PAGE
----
He continues: “We all know that this wasn’t worked out by the UK administration, but the reality is that, if Brexit does mean Brexit as the Prime Minister has said, it also means the unravelling of hundreds of directives and legal instruments and every one of those is a potential pothole we have to look at very carefully.”
In order to mitigate the impact, Ahern argues: “The planning for Brexit on one side equally has to be the planning for life after it on the other side. Rather than rattling off all the departments, I think it affects every aspect of government. Of course there’s finance and of course there’s infrastructural issues, but it also affects all the other departments and I think that has to be worked through. If we always talked about special relationships, whether that special relationship is between the EU and the UK or whether it’s between the island of Ireland and whoever, we need to try and frame that and I think that’s the challenge.”
The common travel area, which predates both Britain and Ireland’s entry into the European Economic Community in 1973, has become a recurrent theme of Brexit analysis. Ahern is critical: “The common travel area was there in the past, but I think what people have been saying about it and I know they mean well, is kind of irrelevant. The problem isn’t about Irish people, north or south, coming up or down.” Rather, he suggests: “The problem is Europeans coming into the Republic of Ireland and going north and how that is handled. Not to mind what ultimately could be the problem of non-EU immigrants coming in and using Ireland as a backdoor. To be honest it’s not beyond anyone’s wit to see why that would be a factor, not today, but maybe next year or the year after. So, I think that this is a big problem. There’s enough criminal minds associated with this island, north and south, who live abroad and who see the opportunities that can be exploited here.”
In the short term, however, Ahern reasons that the debate will centre around the movement of EU citizens between Ireland and the United Kingdom. He notes: “In my view, the idea of the Republic of Ireland manning our ports and airports to check EU citizens is a nonsense. I don’t know why we’d do it and I don’t know why we’d be asked to do it. Nor should we do it. I’m afraid we’re just going to have to find another way.”
Noting that 30,000 people traverse the border every day, Ahern emphasises the free movement of people and trade between Britain and Ireland as an imperative requirement of any settlement reached between the UK and EU negotiators. This, he summarises, facilitates cross-community cooperation, enhancement of tourism, eliminates barriers to business and is of critical importance to the people living on the island of Ireland.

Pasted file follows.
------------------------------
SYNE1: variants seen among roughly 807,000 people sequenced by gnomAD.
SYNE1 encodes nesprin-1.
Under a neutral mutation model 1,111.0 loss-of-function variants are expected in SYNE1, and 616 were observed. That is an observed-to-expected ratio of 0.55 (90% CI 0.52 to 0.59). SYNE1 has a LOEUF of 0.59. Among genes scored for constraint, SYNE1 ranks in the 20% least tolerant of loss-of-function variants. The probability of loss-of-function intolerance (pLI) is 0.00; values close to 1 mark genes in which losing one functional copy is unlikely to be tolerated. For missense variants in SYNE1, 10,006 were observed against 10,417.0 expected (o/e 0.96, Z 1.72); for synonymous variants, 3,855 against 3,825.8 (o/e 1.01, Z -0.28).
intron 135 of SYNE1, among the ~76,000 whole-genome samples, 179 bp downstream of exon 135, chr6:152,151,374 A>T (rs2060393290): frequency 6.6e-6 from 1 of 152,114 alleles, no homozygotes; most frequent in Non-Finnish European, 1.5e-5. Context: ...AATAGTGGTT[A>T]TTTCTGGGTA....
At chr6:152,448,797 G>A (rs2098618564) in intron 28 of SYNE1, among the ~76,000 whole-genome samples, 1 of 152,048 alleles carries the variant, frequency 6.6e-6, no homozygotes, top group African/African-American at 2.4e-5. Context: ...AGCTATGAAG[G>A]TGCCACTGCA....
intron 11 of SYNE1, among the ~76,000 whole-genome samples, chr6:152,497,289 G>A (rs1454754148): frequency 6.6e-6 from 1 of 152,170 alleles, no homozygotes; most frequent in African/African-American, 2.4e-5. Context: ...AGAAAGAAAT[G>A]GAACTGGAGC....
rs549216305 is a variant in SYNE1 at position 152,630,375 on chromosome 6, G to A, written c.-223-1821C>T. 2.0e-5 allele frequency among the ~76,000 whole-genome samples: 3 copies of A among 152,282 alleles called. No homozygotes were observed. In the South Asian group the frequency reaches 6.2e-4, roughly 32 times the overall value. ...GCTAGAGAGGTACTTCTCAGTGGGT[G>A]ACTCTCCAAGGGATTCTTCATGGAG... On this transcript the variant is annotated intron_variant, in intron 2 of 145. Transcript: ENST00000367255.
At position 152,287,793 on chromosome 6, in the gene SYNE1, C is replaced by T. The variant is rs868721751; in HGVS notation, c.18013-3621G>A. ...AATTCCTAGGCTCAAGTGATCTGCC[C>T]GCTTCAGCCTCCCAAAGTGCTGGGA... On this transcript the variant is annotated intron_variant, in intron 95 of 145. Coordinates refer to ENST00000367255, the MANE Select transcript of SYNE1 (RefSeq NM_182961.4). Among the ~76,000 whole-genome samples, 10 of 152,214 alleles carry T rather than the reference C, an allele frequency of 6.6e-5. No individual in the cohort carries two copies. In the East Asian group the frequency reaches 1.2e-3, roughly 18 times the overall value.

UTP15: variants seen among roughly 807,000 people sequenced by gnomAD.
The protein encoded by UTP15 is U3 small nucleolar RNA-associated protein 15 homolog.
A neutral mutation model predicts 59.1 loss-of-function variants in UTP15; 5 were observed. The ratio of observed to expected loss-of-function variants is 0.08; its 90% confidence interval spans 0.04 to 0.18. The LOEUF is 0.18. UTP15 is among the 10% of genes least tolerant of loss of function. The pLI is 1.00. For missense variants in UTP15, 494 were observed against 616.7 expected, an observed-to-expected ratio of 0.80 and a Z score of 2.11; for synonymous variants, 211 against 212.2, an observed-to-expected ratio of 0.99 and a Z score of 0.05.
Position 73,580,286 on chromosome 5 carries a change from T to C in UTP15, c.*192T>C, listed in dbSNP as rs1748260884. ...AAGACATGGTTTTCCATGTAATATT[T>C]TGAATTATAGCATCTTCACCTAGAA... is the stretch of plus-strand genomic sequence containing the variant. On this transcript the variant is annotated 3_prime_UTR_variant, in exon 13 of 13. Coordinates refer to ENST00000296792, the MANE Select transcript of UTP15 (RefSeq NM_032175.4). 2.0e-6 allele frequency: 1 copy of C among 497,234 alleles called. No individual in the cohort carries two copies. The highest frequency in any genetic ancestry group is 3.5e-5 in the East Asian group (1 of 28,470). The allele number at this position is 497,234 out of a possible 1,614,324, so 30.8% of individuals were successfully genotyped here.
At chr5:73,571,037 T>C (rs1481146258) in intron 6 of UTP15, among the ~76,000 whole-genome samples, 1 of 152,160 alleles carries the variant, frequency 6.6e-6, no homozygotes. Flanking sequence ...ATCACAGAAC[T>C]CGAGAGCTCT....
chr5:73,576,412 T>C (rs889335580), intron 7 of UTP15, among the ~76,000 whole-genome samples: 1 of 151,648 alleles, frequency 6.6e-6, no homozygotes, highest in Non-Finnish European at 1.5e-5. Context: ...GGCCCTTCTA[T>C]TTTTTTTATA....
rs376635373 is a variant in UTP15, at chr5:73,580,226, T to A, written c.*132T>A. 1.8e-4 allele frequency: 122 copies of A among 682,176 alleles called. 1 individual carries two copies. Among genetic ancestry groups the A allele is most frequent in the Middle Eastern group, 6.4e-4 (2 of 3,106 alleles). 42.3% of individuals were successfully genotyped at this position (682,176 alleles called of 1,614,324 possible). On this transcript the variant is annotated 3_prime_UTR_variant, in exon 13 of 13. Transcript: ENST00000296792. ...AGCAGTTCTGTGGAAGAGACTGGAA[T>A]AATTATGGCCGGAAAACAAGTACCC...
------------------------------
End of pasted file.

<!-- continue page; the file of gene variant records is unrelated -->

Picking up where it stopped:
Each week, €1 billion worth of trade is transferred between Britain and Ireland, including almost 40 per cent of all Irish food and drink exports. Similarly, trade between the Republic of Ireland and Northern Ireland is in excess of €1.5 billion annually. Ahern insists, therefore, that it is of dual importance that the current arrangements continue from both political and economic perspectives.
Looking to the future of the all-island economy, he articulates: “I think the vision for the island economy, regardless of political differences or aspirations, in the interests of the people, of this generation and more importantly of the rising generations, is that we have to protect ourselves. We have to protect ourselves so that we can continue to have good services, good employment, good education and all of these things, in some way or another, are impacted upon by Brexit. But I think it is for us to frame a plan that avoids any of the worst fears that we would have. The reality of it has to come first and I think the reality of it is that this is where we are and we have to plan accordingly.”
Ahern is keen to recognise the pervasive achievements of the EU. The European single market has, he argues, minimised trade barriers, eliminated currency exchange risk, ushered in an era of relative stability for consumers and helped to integrate financial markets. In terms of social policy, the EU has been central to the facilitation of efforts to eradicate discrimination in society and ensure equality in the workplace.
Concluding his contribution, Bertie Ahern advocates political goodwill and mutual respect in the forthcoming cycle of negotiations and stresses the significance of any agreement within an Irish context. “The interests of all the people on the island of Ireland must be protected during this negotiation process.”